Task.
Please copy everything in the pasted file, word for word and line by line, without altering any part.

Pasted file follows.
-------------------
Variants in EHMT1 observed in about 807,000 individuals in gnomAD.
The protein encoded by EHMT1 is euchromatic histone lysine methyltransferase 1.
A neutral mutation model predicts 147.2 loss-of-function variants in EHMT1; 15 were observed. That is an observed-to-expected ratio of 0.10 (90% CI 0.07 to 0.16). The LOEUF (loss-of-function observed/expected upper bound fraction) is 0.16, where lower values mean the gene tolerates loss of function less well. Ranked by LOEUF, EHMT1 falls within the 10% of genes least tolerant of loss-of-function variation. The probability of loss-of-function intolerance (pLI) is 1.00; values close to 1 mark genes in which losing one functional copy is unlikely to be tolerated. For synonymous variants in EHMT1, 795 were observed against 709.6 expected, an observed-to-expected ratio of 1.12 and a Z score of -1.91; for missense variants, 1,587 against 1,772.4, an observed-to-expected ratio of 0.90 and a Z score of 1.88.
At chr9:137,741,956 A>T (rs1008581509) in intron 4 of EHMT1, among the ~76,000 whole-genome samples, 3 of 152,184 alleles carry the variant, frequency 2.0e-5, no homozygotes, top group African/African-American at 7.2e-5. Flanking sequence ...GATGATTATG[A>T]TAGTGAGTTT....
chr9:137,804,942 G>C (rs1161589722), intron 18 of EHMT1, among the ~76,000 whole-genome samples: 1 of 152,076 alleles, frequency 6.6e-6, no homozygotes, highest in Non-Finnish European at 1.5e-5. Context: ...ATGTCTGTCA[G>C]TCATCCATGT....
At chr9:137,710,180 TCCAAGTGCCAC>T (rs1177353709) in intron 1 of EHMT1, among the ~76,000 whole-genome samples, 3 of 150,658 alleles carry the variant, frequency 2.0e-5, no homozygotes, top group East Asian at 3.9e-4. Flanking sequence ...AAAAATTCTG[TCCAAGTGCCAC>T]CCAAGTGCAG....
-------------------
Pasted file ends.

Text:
Variants in EHMT1 observed in about 807,000 individuals in gnomAD.
The protein encoded by EHMT1 is euchromatic histone lysine methyltransferase 1.
A neutral mutation model predicts 147.2 loss-of-function variants in EHMT1; 15 were observed. That is an observed-to-expected ratio of 0.10 (90% CI 0.07 to 0.16). The LOEUF (loss-of-function observed/expected upper bound fraction) is 0.16, where lower values mean the gene tolerates loss of function less well. Ranked by LOEUF, EHMT1 falls within the 10% of genes least tolerant of loss-of-function variation. The probability of loss-of-function intolerance (pLI) is 1.00; values close to 1 mark genes in which losing one functional copy is unlikely to be tolerated. For synonymous variants in EHMT1, 795 were observed against 709.6 expected, an observed-to-expected ratio of 1.12 and a Z score of -1.91; for missense variants, 1,587 against 1,772.4, an observed-to-expected ratio of 0.90 and a Z score of 1.88.
At chr9:137,741,956 A>T (rs1008581509) in intron 4 of EHMT1, among the ~76,000 whole-genome samples, 3 of 152,184 alleles carry the variant, frequency 2.0e-5, no homozygotes, top group African/African-American at 7.2e-5. Flanking sequence ...GATGATTATG[A>T]TAGTGAGTTT....
chr9:137,804,942 G>C (rs1161589722), intron 18 of EHMT1, among the ~76,000 whole-genome samples: 1 of 152,076 alleles, frequency 6.6e-6, no homozygotes, highest in Non-Finnish European at 1.5e-5. Context: ...ATGTCTGTCA[G>C]TCATCCATGT....
At chr9:137,710,180 TCCAAGTGCCAC>T (rs1177353709) in intron 1 of EHMT1, among the ~76,000 whole-genome samples, 3 of 150,658 alleles carry the variant, frequency 2.0e-5, no homozygotes, top group East Asian at 3.9e-4. Flanking sequence ...AAAAATTCTG[TCCAAGTGCCAC>T]CCAAGTGCAG....